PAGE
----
CHARLTON — As firefighters scrambled to find water in an area without hydrants, a rapidly spreading blaze tore through a former mill Thursday night and destroyed nearly everything inside, including more than a dozen rare vintage cars.
“This is my worst nightmare,” said Gary Cove of Wilbraham, who lost seven personal vehicles and seven rare vintage cars he had repaired or was in the process of repairing or servicing for clients across the United States. He said a 1933 Rolls Royce was “burned to a crisp.”
“I’ve been doing this for 38 years. This stuff is irreplaceable. I don’t know what to do; this is my whole world. I’m 56 years old,” he said.
Cove estimated the loss was at least $2 million, but said he has insurance. He said he managed to save the most expensive car, a 1957 Mercedes 300SL valued at $800,000.
Cove’s son was inside the historic wooden Charlton Woolen Mill when the fire erupted at about 9 p.m., and he escaped without injury. Six firefighters were treated at a hospital for heat exhaustion.
The five-alarm fire at the old mill-turned-warehouse raged for at least two hours, and firefighters continued to put water on the charred debris through Friday afternoon, dousing still-smoldering areas.
Firefighters from far away as Brookfield provided aid, with trucks and firefighters from 20 different municipalities assisting overnight. They were relieved Friday by firefighters from 20 other towns or cities in the region.
At least seven tanker trucks shuttled water in from Glen Echo Lake, officials said. The tankers filled two square retaining pools erected on the parking lot of the mill, and fire trucks siphoned water from those pools to supply their hoses. They also siphoned water from a shallow pond nearby.
“For a mill of this size, [getting enough] water right up front is a problem,” said Sheri Bemis, Oxford fire chief.
Ten businesses were housed at the former mill on City Depot Road, and authorities are taking a close look at one in particular, after reports that a worker may have accidentally set fire to a cloth with sparks from a saw he used.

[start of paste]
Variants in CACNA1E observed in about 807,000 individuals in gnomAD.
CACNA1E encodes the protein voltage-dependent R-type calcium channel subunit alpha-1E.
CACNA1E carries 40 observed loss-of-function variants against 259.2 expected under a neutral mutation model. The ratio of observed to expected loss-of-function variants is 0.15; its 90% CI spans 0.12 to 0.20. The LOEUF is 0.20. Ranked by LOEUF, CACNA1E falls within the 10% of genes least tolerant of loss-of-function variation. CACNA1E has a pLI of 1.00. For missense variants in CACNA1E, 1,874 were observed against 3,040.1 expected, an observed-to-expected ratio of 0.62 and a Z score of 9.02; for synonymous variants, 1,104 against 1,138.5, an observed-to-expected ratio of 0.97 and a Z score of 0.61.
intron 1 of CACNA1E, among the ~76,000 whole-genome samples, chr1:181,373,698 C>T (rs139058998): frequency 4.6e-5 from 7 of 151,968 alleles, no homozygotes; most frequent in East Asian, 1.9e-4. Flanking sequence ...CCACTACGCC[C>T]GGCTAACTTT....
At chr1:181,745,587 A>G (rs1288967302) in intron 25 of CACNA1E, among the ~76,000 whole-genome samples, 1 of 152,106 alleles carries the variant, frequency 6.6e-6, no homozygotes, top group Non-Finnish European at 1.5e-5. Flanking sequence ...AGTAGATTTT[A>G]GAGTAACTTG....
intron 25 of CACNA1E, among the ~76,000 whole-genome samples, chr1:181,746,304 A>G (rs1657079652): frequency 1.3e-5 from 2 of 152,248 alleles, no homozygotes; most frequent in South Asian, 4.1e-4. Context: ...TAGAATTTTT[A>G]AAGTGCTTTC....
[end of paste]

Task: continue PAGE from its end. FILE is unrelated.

“We can’t confirm anything at this point, but that is something that is being looked at closely,” Bemis said.
Witnesses said the blaze initially appeared small enough to pose no problem, but then suddenly grew and consumed the building. High flames cracked in the night sky and the intense heat could be felt more than 100 yards away.
“By 10 o’clock, it was really on fire,” said Rebecca Taylor, who lives across the street from the mill. “It looked like there was a tornado inside.’’ She said she heard explosions that appeared to come from propane tanks inside the complex.
The mill sits near protected wetlands, and fire officials along with the Department of Environmental Protection worked to prevent any contamination as they focused on containing a 275-gallon tank of heating oil in the building.
As a precaution against spillage and to contain any unknown contaminants that may have been in the flow-off of water used to douse the blaze, officials laid a boom around the nearby pond.
“Who knows what has soaked into the wood from the multiple uses over the years,” Bemis said.
There was no spillage detected from the heating oil tank, but the Federal Emergency Management Agency and the DEP took water and air samples and the results were expected back next week, said Frederick Swensen, vice chairman of Charlton’s Board of Selectmen.
Charlton has historically drawn its water from wells, but a public water supply is about to be in service, Swensen said. That would allow the town to add hydrants.
“We are in the process of developing a public water supply, particularly in this part of town, and that’s under construction now,’’ Swensen said. “We’re turning water on as we speak.”
Cove said his clients have included such celebrities as designer Tommy Hilfiger. In addition to the 1957 Mercedes, he said, he was able to save a 1964 Shelby Cobra valued at $700,000, and an Alfa Romeo worth $165,000 that was parked outside the building.
“I had photos of my wedding in there on my desk, and just life’s stuff,” Cove said. “I loved and worked in that place; it was like my little museum.”